During fermentation, yeast cells release amino acids, organic acids, minerals, and enzymes into the environment, which stimulates the growth of certain rumen microbes.
According to an article by University of Georgia researchers this past September in the Journal of Dairy Science, yeast culture provides growth factors – organic acids, B-vitamins, amino acids – which stimulate the growth of rumen bugs that metabolize lactic acid and those that digest cellulose. Yeast culture also stimulates the growth of some proteolytic bacteria that digest protein.
And, we see an overall increase in the number of rumen bugs when yeast culture is provided.
In the November 1988 Journal of Dairy Science, researchers from the University of Kentucky noted higher concentrations of anaerobic and cellulolytic bacteria in the rumens of cows receiving yeast culture supplementation. (See the chart below.)
Karl Dawson, rumen microbiologist at the University of Kentucky, says subsequent studies have confirmed these results. In fact, most studies have turned up even more impressive differences in bacterial numbers between yeast-supplemented cows and control cows.
What are the practical implications of this? If you enhance microbial activity in the rumen, you enhance digestion rates, Dawson says. More digestion takes place in a shorter period of time.
Animals in first 40 to 60 days of lactation show the greatest response to yeast culture supplementation, says Mike Hutjens, dairy nutritionist at the University of Illinois. Yeast culture appears to stimulate the growth of fiber-digesting bacteria, he adds, which leads to greater digestive efficiency, volatile fatty acid production and dry matter intake.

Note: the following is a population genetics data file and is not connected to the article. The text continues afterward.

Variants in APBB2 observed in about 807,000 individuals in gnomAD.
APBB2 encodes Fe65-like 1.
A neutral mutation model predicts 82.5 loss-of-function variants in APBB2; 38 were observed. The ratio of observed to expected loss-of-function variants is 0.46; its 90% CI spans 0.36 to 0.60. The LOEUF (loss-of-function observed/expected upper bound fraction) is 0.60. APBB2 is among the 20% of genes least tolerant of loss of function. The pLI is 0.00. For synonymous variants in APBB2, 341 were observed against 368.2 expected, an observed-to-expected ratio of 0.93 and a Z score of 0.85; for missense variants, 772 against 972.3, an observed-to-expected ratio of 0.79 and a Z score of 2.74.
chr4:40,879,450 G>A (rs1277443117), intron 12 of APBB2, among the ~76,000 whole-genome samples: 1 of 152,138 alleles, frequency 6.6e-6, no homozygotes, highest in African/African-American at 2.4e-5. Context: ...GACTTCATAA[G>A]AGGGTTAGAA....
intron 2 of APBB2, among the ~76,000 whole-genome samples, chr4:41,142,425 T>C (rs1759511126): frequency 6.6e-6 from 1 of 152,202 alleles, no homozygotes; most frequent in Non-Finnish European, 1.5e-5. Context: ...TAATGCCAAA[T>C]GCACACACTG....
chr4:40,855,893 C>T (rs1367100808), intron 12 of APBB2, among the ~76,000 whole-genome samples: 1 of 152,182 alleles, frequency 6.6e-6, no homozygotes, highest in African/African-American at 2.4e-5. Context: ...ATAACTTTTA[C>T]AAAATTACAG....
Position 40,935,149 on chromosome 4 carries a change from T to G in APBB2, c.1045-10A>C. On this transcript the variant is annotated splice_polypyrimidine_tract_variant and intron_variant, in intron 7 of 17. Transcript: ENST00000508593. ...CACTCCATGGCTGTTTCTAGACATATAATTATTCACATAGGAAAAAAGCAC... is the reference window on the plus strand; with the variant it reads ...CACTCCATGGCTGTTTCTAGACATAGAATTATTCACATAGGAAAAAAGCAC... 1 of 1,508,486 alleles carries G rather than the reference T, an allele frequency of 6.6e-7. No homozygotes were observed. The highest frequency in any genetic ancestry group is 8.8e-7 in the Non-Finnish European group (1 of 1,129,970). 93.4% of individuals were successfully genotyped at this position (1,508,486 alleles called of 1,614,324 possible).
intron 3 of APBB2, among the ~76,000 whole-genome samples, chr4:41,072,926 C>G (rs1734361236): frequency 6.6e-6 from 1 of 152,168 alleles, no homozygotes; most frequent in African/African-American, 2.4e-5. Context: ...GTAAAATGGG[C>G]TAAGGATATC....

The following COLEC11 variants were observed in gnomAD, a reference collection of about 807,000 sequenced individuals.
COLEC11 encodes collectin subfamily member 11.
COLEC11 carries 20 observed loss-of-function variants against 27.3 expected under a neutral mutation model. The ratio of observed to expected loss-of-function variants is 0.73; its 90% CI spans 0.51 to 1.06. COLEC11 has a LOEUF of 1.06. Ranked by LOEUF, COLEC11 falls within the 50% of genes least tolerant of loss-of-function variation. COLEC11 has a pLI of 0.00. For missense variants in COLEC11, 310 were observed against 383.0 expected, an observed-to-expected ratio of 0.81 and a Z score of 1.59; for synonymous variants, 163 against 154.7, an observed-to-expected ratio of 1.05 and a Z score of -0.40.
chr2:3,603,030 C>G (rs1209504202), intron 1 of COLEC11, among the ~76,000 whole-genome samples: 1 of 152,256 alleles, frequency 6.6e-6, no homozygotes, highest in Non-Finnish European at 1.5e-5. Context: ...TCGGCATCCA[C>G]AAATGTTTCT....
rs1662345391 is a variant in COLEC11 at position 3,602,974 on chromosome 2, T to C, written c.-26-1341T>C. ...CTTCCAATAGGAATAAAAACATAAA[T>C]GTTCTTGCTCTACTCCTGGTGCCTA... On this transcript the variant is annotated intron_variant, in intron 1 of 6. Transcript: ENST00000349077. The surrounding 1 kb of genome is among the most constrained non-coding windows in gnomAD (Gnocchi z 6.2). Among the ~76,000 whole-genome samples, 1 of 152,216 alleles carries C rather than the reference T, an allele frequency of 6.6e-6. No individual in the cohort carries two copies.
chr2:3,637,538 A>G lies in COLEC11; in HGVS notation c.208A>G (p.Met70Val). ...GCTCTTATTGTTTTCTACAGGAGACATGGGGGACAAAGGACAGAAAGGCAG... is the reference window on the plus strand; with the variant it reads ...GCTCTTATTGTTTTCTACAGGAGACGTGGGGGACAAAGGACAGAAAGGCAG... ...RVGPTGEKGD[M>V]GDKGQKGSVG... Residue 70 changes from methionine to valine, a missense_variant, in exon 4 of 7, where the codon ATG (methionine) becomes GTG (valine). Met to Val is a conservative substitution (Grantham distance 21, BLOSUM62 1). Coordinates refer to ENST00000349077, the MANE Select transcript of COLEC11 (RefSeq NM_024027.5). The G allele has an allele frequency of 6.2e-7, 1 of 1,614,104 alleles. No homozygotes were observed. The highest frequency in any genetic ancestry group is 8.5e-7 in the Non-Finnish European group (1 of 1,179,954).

For animals in early lactation whose energy needs are greater than their normal dietary intake, that can make a big difference.
A majority of the research trials involving yeast culture have shown positive results.
This past summer, at the annual meeting of the American Dairy Science Association, researchers from the University of Illinois released a study showing a 4.7-pound-per-day increase in dry matter intake for Jersey cows fed a yeast culture supplement during the last seven days prepartum compared to cows fed a control diet without yeast culture. And, yeast-supplemented intakes were 3.9 pounds per day higher during the first 42 days of lactation.
That particular study monitored dry matter intakes. What about milk yields? The results from eight research studies are summarized in the chart, "Most studies show a boost from yeast supplementation," located at the top of this page.
Look at the results. On an average basis, the studies show roughly a 3- to 4-pound-per-day advantage to using yeast culture during early lactation.
With that kind of response, the product pays for itself. Diamond V's Charlie Stone says it will usually cost four to five cents per cow per day to feed his company's product, depending on the dealerships involved and geographic location. But assuming that cost, and a 3-pound-per-day production response, and milk priced at $12 per hundredweight, the return on investment is somewhere in the neighborhood of 7:1 to 9:1.
Diamond V takes an even more conservative approach by saying there is a 3:1 to 4:1 return on investment on the product.
Regardless, if you are looking to increase return, you may want to investigate yeast cultures.
More yeast, more bacteria
Total anaerobic bacteria
Yeast-supplemented cows: 12.3 billion
Non-supplemented cows (control): 7.8 billion
Total cellulolytic bacteria
Yeast-supplemented cows: 120 million
Non-supplemented cows (control): 66.1 million
Source:Journal of Dairy Science, November 1988.
Most studies show a boost from yeast supplementation
|Study||Yeast-supplemented cows||Non-supplemented cows||Difference (lbs/day)|
|Penn State University, 1994 (1)||70||70||+0.0
|University of Wisconsin and Diamond V Mills, 1995 (2)||82.6||80.7||+1.9|
|Atlantic Dairy and Forage Institute, 1996 (3)||89.0||85.1||+3.9|
|Atlantic Dairy and Forage Institute, 1997 (4)||76.2||75||+1.2|
|University of Delaware, et al, 1997 (5)||86.5||80.1||+6.4|
|University of Idaho, et al, 1997 (6)||92||86.9||+5.1|
|University of Illinois, 1997 (7)||50.9||47||+3.9|
|Rutgers University, 1997 (8)||89.5||82.9||+6.6|